With the Conservative leadership race entering its final 10 days, the party is vowing to hold a secure and transparent ballot-counting process amid the pandemic, while also keeping up the pressure in Parliament on Justin Trudeau's minority government over the WE controversy. Lisa Raitt — the former cabinet minister, a former leadership candidate herself three years ago and now co-chair of this leadership race — insists that despite the pandemic, the race went better than anyone could expect. The June convention had to be cancelled. Debates were organized while most of the country remained in lockdown. "We've got more members than ever," she says. "The four candidates sold 100,000 new memberships in the campaign." Raitt's focus now is on ensuring ballots are counted quickly, safely and transparently to avoid challenges or debate over the legitimacy of the results. The votes will be counted once the Aug. 21 mail-in deadline passes. Read more analysis on this from CBC's Chris Hall.

CBC News is breaking down need-to-know information on the pandemic based on questions sent via email to COVID@cbc.ca. Here, physicians offer advice and answer questions on back-to-school topics like distancing, health checks, safe nap times and when to stay home. Dr. Lisa Barrett, an infectious diseases physician at Dalhousie University in Halifax, said keeping school as safe as possible for kids to learn and socialize doesn't follow a set timetable. By necessity, she said, school plans can't be perfect and people won't follow all of the basics to the letter at all times. "If we don't do a better job of tracking and tracing, then some of these school plans … are going to fail, and we're going to see outbreaks and clusters we can't control," she said. Read our back-to-school Q&A here.

Watch | Schools may have to adapt with information about COVID-19 and kids:

Schools may have to adapt with information about COVID-19 and kids

2 years ago
Duration 2:03


Several records tumbled in a marathon NHL playoff contest last night. Brayden Point scored 10:27 into the fifth overtime to give the Tampa Bay Lightning a 3-2 victory over the Columbus Blue Jackets in their opening game of their conference quarterfinal series. The game was the fourth-longest in NHL history and saw Blue Jackets netminder Joonas Korpisalo make a league-record 85 saves. The two teams combined for 151 shots — the most in an NHL game since the league began officially tracking the statistic in 1955-56. It took six hours, 13 minutes to complete the game at Toronto's Scotiabank arena, forcing Game 1 of the Boston Bruins-Carolina Hurricanes series to be rescheduled to 11 a.m. today. Read the game report here.

Now for some good news to start your Wednesday: The COVID-19 pandemic has given many of us a new appreciation for good TV. With no nightlife, or festivals to keep us busy, Netflix is a new best friend for many of us. But it turns out, we may not be the only creatures taking refuge in our creature comforts. In northwestern Ontario, satellite dishes have been showing up atop beaver lodges near Red Lake and Rainy River First Nation. So, are the rodents turning to binge watching their favourite shows? Glynnis Hood, a professor of environmental science at the University of Alberta who has been studying beavers for more than 20 years, says they'll build a lodge with just about anything. But while they have the construction skills, the animals are lacking in the technical department. "I'm not sure if they could directionally install it in a way that they'd get a good shot of Downton Abbey," she said. "But otherwise, they could install it, but it would probably be covered in mud." Read here for the real story behind the satellite dishes.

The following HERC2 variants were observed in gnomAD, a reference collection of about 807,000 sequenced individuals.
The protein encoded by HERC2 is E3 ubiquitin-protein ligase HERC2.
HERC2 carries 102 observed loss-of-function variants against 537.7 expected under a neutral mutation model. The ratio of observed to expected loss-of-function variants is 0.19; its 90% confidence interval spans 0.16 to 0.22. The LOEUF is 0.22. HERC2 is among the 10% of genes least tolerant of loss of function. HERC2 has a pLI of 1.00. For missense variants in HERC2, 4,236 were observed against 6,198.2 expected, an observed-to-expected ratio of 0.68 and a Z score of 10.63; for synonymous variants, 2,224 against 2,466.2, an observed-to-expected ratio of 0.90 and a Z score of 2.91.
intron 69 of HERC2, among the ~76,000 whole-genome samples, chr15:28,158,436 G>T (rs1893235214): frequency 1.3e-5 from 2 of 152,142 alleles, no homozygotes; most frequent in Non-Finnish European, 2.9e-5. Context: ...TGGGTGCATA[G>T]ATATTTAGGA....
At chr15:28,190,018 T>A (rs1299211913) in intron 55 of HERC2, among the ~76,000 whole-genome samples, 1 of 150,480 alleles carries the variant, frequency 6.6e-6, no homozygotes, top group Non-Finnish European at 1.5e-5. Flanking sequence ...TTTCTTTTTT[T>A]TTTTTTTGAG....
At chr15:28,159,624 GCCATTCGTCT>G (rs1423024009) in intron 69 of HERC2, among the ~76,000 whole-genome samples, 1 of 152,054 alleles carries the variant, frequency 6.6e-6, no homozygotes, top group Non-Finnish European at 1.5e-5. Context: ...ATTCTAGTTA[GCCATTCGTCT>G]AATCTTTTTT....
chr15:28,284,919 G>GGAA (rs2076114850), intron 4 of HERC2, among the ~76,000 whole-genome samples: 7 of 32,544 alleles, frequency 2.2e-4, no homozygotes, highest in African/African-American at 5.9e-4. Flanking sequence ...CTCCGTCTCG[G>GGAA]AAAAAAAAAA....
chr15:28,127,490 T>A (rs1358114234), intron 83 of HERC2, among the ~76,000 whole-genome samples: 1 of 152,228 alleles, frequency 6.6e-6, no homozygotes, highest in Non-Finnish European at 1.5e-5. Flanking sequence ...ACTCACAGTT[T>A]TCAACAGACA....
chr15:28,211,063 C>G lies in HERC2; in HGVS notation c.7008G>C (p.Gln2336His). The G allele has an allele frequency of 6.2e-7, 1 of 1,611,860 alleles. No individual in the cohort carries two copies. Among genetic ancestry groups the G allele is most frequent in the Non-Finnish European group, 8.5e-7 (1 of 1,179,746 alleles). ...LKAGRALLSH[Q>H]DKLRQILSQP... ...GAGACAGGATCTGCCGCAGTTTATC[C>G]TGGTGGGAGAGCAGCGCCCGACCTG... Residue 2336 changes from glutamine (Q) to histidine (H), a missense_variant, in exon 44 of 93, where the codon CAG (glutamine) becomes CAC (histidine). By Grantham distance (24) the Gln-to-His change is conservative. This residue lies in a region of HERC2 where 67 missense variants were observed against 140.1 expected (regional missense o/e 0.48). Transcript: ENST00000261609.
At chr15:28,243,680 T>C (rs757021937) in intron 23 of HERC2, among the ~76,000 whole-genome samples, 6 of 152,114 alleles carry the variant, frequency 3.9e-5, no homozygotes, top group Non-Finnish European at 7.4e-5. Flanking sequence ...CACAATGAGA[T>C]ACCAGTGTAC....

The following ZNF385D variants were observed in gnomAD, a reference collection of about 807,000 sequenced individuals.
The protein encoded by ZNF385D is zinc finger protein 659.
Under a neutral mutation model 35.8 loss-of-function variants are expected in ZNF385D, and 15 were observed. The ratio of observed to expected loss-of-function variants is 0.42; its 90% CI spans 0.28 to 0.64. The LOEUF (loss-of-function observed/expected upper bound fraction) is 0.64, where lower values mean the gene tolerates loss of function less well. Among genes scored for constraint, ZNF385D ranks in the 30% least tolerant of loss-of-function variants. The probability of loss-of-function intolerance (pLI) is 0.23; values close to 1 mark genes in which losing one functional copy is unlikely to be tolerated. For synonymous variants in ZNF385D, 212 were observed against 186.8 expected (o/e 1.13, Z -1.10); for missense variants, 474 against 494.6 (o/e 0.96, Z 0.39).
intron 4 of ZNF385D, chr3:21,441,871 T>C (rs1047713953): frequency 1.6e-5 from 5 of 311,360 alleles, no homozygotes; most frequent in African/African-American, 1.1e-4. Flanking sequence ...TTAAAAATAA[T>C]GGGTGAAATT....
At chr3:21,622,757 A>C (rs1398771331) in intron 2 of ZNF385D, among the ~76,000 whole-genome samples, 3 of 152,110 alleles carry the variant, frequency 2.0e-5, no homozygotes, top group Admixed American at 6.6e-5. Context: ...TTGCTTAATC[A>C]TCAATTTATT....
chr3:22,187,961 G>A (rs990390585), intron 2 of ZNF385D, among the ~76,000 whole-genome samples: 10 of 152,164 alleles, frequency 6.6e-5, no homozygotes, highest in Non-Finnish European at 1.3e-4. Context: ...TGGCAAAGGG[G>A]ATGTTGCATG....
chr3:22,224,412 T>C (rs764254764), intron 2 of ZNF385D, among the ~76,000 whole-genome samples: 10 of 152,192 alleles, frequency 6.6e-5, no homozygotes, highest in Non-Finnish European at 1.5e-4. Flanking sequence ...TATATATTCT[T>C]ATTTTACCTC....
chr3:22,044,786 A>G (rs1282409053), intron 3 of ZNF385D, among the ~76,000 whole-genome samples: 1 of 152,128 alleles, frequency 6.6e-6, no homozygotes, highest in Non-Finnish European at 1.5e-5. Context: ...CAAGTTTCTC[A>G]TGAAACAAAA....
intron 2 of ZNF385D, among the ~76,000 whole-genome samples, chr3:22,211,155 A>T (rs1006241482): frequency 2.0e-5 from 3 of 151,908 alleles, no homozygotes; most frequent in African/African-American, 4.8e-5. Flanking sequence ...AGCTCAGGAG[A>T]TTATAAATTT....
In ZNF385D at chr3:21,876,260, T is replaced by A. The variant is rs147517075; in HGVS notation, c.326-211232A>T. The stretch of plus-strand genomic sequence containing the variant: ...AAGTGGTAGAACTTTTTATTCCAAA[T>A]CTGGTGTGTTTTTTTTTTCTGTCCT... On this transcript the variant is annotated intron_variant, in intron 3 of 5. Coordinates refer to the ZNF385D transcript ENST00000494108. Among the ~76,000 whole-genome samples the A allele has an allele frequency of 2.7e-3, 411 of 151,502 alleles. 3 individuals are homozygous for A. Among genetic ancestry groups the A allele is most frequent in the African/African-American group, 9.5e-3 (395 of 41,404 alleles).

Front Burner: Kamala Harris is Joe Biden's vice-presidential pick

On Tuesday, Joe Biden named California Sen. Kamala Harris as his running mate, making history by choosing the first woman of colour to compete on a major party's presidential ticket.

Today on Front Burner, Washington Post political reporter Eugene Scott on what Harris brings to the Democratic Party's ticket, and what it might mean for Biden's chances against U.S. President Donald Trump come November.

Today in history: August 12

1908: The first Model T is built by Ford Motor Company in Detroit. Also known as the Tin Lizzie, it was introduced for sale to the public later in the year. Eventually more than 15 million of the cars were manufactured.

1977: The first space ship designed to be reused, the shuttle Enterprise, flies on its own for the first time in a glide test flight over California's Mojave Desert.

1992: After 14 months of negotiations, Canada, the United States and Mexico announce they have concluded the North American Free Trade Agreement. The continental trade deal took effect in 1994.

1994: The baseball season ends when players go on strike to fight owners' demands for a salary cap. At 74-40, the Montreal Expos had the best record in the majors. The World Series was cancelled for the first time in 90 years.

With files from The Canadian Press, The Associated Press and Reuters